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Simulating Wide Underwater Scene


Yao Zi Wei
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I am visualising a concept for a short film, but I would like to have an underwater scene where I can actually see at least half the body of a person in the water, shooting from below.

 

I have learnt that the fish tank methods are good enough for close ups. If I need half the body to be shot underwater, I will need a very huge tank to contain the actor.

 

I am wondering if there could be more ways to do this provided that I could not really go underwater in the ocean or a pool.

 

Thank you for incoming suggestions.

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If you need to see the surface of the water, it may be quite tricky to cheat. There are techniques for making things appear to be entirely underwater, such as the use of smoke, of floating motes of dust, and naturally a proper environment and production design. People walking around in dense smoke in diving gear can look quite convincingly as if they're underwater. Things intersecting the surface are a different matter.

 

Is it something you could do in miniature? If it's a body, perhaps use a model and shoot it in a tank.

 

P

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If you need to see the surface of the water, it may be quite tricky to cheat. There are techniques for making things appear to be entirely underwater, such as the use of smoke, of floating motes of dust, and naturally a proper environment and production design. People walking around in dense smoke in diving gear can look quite convincingly as if they're underwater. Things intersecting the surface are a different matter.

 

Is it something you could do in miniature? If it's a body, perhaps use a model and shoot it in a tank.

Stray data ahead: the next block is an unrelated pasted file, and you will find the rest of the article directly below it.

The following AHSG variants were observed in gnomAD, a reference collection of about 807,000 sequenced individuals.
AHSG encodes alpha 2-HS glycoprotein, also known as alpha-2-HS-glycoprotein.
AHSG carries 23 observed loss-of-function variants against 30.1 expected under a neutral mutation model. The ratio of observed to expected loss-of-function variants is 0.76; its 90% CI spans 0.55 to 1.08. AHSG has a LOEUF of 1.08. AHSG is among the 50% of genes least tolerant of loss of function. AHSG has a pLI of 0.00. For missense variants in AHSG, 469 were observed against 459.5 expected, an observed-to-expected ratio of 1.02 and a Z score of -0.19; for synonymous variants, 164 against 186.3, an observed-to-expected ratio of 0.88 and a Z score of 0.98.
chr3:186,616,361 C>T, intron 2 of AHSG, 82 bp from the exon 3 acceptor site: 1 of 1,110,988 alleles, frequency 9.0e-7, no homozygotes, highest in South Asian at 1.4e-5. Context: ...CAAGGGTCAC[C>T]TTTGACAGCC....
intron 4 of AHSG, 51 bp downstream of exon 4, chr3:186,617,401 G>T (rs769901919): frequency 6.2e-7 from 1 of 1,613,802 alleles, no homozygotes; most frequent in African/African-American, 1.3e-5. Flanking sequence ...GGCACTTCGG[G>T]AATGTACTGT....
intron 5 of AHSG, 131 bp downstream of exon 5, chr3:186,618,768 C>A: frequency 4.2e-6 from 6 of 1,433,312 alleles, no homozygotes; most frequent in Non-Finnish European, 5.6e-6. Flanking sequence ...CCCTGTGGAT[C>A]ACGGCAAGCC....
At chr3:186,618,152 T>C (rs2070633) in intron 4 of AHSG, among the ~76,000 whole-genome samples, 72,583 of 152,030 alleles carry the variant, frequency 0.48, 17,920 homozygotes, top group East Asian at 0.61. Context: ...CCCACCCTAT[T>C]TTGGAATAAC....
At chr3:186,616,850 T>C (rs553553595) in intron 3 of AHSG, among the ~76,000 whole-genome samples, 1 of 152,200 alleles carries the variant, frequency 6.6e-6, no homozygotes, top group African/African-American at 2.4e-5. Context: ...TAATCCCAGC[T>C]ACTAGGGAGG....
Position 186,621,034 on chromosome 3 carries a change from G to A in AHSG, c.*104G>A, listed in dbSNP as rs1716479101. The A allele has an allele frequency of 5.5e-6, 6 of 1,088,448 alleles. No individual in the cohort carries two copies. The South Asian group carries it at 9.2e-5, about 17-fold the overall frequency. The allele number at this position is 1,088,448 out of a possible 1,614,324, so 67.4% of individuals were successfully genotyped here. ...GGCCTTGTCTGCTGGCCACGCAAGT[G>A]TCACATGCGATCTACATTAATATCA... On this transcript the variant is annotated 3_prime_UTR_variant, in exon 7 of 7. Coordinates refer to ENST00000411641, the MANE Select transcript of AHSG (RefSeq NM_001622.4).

P

the miniature model could be nice if it look human enough, what im going for is a person in home clothes, floating beneath the water while i can see the water surface. I wonder the dust u were saying, is a simulation of the seabed though?

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You need to shoot underwater for real -- you can fake a man in a diving suit dry-for-wet, but not a full-figure person with floating clothes and hair drifting around, plus the surface of the water above them. I mean, maybe something that looks highly stylized could be cheated with fans and slow-motion and floating chopped-up feathers and wire-work and a projector creating a rippling background, etc. but that's a lot of work and it will look, as I said, somewhat unreal.

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There was a short bit in Gone Girl that was shot dry for wet and augmented with CGI that I completely bought as genuinely being shot underwater. It was very brief though. Shooting a whole sequence like this probably wouldn't have worked.

 

Here's the pic from American Cinematographer for that set:

post-65401-0-42058700-1442533610_thumb.jpg

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